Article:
The eruption of Mt Tarawera – roadside stories
Archival audio: An eyewitness recalls the Tarawera eruption lighting up the sky.
Lying 24 kilometres south-east of Rotorua, Mount Tarawera is an unusual looking mountain, with several large domes and a broad, flat top. It was shaped by volcanic activity hundreds of years ago. The Māori inhabitants of the area, and the Europeans who arrived in the 19th century, did not know that Tarawera was an active volcano until 1886, when it came to life in the deadliest known eruption in the country’s history.
Before the Tarawera eruption, the spectacular Pink and White Terraces were considered one of the scenic wonders of the world. The terraces consisted of delicately coloured volcanic rock that formed tiered layers of natural hot pools, where visitors from all around the world would bathe.
There were few warning signs that an eruption would take place, though there was a sudden and unexplained rise in the level of Lake Tarawera, and a rise in thermal activity.
European visitor (actor’s voice):
Our guide pointed out that the mud from one of the geysers had been projected fully 25 yards from the crater quite recently, for it was soft, and all this was pointed out as quite unusual. I could not judge if the activity was greater than usual but on arriving at this terminal point in our expedition I began to feel uneasy and to realise a sense of danger connected with all around me.
Then 11 days before the eruption, both Māori and European visitors, including the famous Guide Sophia, reported seeing a ghostly Māori war canoe paddling across Lake Tarawera. Guide Sophia consulted her tribe’s tohunga, or priest, Tūhoto Ariki, and he interpreted the phantom canoe as a bad omen. He believed Māori would be punished for exploiting the area for money without paying due respect to their ancestors.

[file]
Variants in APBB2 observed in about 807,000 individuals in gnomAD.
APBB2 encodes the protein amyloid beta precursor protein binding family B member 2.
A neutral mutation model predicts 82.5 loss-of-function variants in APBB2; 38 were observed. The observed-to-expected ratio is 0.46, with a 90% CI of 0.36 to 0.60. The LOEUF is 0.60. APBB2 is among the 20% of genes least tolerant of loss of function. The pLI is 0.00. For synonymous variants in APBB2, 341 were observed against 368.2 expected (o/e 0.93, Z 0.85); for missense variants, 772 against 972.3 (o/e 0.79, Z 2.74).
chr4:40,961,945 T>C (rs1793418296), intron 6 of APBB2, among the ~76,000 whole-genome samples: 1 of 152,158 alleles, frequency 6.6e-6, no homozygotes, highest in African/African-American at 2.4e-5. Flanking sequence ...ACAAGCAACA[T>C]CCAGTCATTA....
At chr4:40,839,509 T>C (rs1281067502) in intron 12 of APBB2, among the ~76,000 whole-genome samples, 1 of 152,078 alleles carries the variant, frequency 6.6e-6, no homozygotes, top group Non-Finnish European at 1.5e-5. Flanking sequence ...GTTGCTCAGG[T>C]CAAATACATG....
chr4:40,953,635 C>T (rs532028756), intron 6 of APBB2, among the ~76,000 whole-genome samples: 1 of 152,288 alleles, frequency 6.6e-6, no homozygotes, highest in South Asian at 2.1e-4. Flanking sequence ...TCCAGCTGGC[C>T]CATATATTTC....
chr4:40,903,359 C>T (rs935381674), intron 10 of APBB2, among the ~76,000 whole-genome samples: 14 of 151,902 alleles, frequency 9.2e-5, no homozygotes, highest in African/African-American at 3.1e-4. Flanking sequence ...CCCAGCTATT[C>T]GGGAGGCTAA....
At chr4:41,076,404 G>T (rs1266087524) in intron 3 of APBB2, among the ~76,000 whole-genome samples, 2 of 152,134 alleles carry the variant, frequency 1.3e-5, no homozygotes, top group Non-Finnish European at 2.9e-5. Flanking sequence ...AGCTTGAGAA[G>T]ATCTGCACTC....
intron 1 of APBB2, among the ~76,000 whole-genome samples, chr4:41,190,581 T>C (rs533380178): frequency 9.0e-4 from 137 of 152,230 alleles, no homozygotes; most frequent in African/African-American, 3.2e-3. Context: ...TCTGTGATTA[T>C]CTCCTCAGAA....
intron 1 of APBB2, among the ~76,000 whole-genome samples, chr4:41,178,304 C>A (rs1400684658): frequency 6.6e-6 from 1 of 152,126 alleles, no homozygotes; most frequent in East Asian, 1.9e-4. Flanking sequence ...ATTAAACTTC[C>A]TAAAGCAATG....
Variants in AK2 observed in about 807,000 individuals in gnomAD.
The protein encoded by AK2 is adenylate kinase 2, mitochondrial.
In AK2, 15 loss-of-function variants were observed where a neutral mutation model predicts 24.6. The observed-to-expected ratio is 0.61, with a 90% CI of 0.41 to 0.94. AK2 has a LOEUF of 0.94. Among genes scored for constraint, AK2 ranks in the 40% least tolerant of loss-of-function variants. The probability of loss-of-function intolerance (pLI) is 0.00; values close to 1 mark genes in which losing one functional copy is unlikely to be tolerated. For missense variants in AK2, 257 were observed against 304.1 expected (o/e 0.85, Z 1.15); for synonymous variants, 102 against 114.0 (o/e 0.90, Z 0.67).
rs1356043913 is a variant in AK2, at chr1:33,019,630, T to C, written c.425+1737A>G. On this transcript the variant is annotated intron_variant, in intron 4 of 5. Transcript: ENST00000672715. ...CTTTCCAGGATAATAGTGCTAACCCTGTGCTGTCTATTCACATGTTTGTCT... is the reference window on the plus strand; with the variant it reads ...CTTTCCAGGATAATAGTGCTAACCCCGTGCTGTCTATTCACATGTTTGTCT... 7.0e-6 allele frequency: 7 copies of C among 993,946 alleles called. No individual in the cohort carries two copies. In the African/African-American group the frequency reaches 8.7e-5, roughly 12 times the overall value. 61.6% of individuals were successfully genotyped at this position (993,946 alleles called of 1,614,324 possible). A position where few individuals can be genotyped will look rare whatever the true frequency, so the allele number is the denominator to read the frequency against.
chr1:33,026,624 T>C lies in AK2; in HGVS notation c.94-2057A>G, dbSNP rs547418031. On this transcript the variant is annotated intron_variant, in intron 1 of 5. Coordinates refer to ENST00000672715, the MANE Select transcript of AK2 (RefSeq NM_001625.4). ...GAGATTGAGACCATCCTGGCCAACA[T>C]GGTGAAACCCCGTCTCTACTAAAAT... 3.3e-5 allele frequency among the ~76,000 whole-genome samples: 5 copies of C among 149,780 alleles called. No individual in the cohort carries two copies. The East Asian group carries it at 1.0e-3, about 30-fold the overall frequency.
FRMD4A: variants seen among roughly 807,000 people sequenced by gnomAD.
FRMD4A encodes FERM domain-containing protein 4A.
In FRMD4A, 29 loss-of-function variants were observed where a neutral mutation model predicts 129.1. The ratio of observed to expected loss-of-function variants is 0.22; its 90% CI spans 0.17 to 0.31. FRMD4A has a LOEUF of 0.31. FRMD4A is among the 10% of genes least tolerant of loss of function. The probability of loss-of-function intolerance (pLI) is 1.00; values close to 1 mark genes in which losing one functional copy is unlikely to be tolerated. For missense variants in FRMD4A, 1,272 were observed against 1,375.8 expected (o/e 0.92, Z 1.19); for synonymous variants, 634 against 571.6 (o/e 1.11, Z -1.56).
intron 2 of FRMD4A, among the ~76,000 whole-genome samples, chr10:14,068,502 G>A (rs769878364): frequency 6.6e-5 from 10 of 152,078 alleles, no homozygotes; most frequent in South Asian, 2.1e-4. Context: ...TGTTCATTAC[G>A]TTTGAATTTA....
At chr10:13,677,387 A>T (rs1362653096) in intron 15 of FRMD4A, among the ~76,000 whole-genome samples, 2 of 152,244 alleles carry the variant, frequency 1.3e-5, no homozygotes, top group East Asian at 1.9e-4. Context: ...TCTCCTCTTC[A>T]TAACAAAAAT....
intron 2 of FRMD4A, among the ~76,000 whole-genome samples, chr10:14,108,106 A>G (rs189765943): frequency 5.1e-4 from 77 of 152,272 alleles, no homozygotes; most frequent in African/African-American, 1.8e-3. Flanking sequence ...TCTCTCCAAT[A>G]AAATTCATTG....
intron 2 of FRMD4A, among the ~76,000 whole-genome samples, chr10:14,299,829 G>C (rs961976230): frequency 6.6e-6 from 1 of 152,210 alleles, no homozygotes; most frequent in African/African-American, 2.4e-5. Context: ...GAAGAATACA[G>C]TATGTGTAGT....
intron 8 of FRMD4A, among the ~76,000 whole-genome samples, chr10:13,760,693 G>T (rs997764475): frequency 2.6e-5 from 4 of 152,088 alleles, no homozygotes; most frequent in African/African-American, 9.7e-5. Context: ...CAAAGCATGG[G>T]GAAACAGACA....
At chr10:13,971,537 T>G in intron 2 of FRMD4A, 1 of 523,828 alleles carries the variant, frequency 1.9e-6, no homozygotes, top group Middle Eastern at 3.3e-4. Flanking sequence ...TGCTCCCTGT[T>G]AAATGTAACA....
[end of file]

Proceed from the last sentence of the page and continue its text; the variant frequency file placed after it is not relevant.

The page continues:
In the early hours of 10 June, Tūhoto Ariki’s prophecy was fulfilled. Mount Tarawera split apart, spewing forth millions of tonnes of ash and debris. At Te Wairoa village, about 8 kilometres away from the Terraces, people were woken after midnight by a series of violent earthquakes. Around 2 a.m., Mt Tarawera erupted, and by 2.30 [a.m.], fountains of glowing lava and a cloud of ash up to 10 kilometres high, through which intense lightning flickered, were thrust skywards.
At Te Wairoa, more than 60 people sheltered in Guide Sophia’s sturdy hut, which survived the eruption. Later, craters on the south-west side of the mountain blasted open and a crack 17 kilometres long spewed steam, mud and ash. The eruptions finally ended by about 6 a.m.
Earthquakes were felt throughout the North Island and noise caused by the eruption was heard as far south as Blenheim. Aucklanders thought it was distant cannon fire.
The next day, the skies around Mount Tarawera were pitch black. Rescue parties found a number of small settlements had been completely destroyed or buried. The tohunga who predicted a calamitous event – Tūhoto Ariki – survived the eruption and was dug from his buried house after four days. He died several weeks later. Over 100 local Maori died in the eruption.
The Pink and White Terraces vanished. Their former site became a 100-metre-deep crater that eventually filled with water to form a new much larger Lake Rotomahana. In 2011, some of the old Pink Terraces were apparently discovered by sonar, lying at the bottom of this lake.
Te Wairoa is today known as the Buried Village. Excavation has revealed the extent of the settlement that developed as a result of tourism to the Pink and White Terraces. The village had a flour mill, houses, a hotel, schoolhouse, and several other buildings.